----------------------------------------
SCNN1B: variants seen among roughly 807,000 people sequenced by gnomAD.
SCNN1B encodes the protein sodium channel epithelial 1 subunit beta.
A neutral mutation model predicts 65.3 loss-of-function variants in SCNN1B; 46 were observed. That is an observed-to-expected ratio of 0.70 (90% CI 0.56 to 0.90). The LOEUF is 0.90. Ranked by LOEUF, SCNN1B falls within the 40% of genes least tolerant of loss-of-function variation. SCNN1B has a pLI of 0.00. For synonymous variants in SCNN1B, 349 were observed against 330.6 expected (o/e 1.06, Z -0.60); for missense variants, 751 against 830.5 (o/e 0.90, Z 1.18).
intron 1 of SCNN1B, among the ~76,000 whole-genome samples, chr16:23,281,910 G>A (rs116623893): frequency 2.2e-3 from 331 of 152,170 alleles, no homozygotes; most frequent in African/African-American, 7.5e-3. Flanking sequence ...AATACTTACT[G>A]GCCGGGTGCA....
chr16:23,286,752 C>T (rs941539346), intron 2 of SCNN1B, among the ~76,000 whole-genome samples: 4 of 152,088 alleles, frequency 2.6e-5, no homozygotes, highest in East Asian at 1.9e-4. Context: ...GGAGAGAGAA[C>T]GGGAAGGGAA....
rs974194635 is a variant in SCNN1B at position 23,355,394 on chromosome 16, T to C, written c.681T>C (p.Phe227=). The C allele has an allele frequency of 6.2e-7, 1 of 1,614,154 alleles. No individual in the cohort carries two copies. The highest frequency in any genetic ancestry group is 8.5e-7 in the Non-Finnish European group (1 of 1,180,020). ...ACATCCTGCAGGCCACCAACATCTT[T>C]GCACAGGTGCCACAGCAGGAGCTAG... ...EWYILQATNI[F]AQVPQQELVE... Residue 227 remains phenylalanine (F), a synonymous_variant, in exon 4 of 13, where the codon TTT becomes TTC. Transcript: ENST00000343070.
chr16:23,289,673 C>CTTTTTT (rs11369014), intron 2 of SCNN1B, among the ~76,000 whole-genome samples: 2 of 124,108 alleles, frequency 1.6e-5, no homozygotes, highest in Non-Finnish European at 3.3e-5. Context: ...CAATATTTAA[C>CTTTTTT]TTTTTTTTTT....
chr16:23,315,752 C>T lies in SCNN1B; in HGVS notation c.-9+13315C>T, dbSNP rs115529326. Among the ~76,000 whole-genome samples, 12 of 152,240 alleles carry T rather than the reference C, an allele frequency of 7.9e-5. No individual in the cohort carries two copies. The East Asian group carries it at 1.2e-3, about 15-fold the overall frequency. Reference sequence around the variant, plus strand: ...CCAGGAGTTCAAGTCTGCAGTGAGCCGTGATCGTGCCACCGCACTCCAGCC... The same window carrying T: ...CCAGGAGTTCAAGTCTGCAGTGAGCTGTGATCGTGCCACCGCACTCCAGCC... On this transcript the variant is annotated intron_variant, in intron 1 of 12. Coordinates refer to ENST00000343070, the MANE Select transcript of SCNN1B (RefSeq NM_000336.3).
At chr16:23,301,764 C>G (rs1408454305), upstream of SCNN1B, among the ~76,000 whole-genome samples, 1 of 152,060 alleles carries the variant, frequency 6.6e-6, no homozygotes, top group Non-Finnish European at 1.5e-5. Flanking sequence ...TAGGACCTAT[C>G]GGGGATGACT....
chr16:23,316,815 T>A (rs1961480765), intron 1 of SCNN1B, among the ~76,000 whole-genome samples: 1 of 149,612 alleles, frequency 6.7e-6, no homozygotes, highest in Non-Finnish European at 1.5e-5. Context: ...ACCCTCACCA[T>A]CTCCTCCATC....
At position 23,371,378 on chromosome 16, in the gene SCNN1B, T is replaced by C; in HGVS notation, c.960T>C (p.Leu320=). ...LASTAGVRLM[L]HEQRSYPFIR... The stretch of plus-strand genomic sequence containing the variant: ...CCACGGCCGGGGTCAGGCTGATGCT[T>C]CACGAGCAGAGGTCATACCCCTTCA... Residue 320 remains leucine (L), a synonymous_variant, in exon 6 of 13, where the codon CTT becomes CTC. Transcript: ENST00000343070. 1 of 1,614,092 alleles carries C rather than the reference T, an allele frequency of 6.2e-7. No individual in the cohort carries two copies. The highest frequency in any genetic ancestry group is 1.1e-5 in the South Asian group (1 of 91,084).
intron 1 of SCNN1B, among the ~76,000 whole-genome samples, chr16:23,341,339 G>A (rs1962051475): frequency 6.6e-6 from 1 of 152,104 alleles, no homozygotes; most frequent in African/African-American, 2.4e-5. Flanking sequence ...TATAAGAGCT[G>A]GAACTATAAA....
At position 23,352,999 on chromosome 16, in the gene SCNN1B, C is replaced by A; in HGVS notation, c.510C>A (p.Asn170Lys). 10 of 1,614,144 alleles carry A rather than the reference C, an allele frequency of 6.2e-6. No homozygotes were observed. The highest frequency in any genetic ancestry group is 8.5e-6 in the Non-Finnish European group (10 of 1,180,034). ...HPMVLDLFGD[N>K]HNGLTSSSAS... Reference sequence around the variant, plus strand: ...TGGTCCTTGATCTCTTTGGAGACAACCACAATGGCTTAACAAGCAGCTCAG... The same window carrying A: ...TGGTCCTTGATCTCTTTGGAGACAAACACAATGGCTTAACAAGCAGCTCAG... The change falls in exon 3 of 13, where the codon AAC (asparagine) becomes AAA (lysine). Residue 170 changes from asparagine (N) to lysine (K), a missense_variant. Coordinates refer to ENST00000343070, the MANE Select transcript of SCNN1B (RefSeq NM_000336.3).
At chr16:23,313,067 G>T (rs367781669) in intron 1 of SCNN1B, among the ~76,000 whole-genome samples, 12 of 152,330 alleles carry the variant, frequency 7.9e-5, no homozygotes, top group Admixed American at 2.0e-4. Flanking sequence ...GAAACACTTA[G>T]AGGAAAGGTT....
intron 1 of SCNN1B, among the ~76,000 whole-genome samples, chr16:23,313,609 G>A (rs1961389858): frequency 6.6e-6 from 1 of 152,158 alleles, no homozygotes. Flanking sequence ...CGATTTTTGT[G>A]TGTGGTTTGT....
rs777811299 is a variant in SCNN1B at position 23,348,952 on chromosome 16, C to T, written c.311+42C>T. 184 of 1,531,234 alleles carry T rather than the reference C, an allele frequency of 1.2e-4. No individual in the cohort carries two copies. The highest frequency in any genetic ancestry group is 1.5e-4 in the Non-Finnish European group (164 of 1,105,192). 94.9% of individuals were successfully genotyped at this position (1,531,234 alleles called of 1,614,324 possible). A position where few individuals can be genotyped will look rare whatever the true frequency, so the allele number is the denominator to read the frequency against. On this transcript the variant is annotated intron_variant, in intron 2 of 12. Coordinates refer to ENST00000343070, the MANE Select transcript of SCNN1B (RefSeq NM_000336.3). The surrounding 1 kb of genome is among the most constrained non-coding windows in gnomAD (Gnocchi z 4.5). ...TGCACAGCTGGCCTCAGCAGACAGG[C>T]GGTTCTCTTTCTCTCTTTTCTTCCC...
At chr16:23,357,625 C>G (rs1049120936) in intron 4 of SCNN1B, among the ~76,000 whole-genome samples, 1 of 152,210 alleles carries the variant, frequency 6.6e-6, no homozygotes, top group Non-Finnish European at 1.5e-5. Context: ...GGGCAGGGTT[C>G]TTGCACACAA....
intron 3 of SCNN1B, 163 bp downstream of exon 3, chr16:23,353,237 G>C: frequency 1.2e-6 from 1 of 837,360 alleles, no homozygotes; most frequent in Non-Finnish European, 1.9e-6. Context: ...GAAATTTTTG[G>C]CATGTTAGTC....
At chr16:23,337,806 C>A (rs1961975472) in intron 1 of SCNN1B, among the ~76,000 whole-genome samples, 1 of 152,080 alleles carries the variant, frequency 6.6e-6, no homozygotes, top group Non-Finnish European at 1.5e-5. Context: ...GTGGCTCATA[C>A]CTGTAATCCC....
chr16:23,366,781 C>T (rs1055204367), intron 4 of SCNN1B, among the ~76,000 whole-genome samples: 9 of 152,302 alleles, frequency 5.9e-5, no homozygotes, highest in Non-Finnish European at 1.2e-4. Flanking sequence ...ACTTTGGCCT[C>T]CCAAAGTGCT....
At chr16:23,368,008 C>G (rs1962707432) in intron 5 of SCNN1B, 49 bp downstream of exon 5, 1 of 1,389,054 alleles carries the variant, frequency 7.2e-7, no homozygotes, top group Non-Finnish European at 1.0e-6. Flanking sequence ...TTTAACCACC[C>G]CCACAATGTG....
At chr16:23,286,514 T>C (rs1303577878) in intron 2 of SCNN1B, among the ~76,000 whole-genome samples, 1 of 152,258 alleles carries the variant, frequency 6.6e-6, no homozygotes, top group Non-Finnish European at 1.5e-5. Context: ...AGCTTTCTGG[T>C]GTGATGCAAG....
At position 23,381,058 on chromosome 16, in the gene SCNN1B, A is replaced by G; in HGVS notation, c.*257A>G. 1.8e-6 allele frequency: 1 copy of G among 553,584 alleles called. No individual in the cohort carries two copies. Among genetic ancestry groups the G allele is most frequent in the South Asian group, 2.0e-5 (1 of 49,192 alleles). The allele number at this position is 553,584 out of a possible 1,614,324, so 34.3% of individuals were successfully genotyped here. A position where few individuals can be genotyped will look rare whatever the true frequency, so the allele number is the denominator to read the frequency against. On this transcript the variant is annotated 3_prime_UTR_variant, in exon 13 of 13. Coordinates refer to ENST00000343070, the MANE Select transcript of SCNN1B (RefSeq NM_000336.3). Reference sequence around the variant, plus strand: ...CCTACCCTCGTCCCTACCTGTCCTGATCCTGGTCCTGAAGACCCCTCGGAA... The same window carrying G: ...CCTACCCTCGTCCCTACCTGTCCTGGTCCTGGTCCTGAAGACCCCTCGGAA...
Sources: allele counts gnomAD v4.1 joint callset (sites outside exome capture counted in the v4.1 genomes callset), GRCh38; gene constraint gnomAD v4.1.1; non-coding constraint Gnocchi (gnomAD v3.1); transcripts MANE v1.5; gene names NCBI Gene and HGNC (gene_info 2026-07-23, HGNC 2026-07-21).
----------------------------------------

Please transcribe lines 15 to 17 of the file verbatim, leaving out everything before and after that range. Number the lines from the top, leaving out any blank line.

intron 1 of SCNN1B, among the ~76,000 whole-genome samples, chr16:23,313,609 G>A (rs1961389858): frequency 6.6e-6 from 1 of 152,158 alleles, no homozygotes. Flanking sequence ...CGATTTTTGT[G>A]TGTGGTTTGT....
rs777811299 is a variant in SCNN1B at position 23,348,952 on chromosome 16, C to T, written c.311+42C>T. 184 of 1,531,234 alleles carry T rather than the reference C, an allele frequency of 1.2e-4. No individual in the cohort carries two copies. The highest frequency in any genetic ancestry group is 1.5e-4 in the Non-Finnish European group (164 of 1,105,192). 94.9% of individuals were successfully genotyped at this position (1,531,234 alleles called of 1,614,324 possible). A position where few individuals can be genotyped will look rare whatever the true frequency, so the allele number is the denominator to read the frequency against. On this transcript the variant is annotated intron_variant, in intron 2 of 12. Coordinates refer to ENST00000343070, the MANE Select transcript of SCNN1B (RefSeq NM_000336.3). The surrounding 1 kb of genome is among the most constrained non-coding windows in gnomAD (Gnocchi z 4.5). ...TGCACAGCTGGCCTCAGCAGACAGG[C>T]GGTTCTCTTTCTCTCTTTTCTTCCC...
At chr16:23,357,625 C>G (rs1049120936) in intron 4 of SCNN1B, among the ~76,000 whole-genome samples, 1 of 152,210 alleles carries the variant, frequency 6.6e-6, no homozygotes, top group Non-Finnish European at 1.5e-5. Context: ...GGGCAGGGTT[C>G]TTGCACACAA....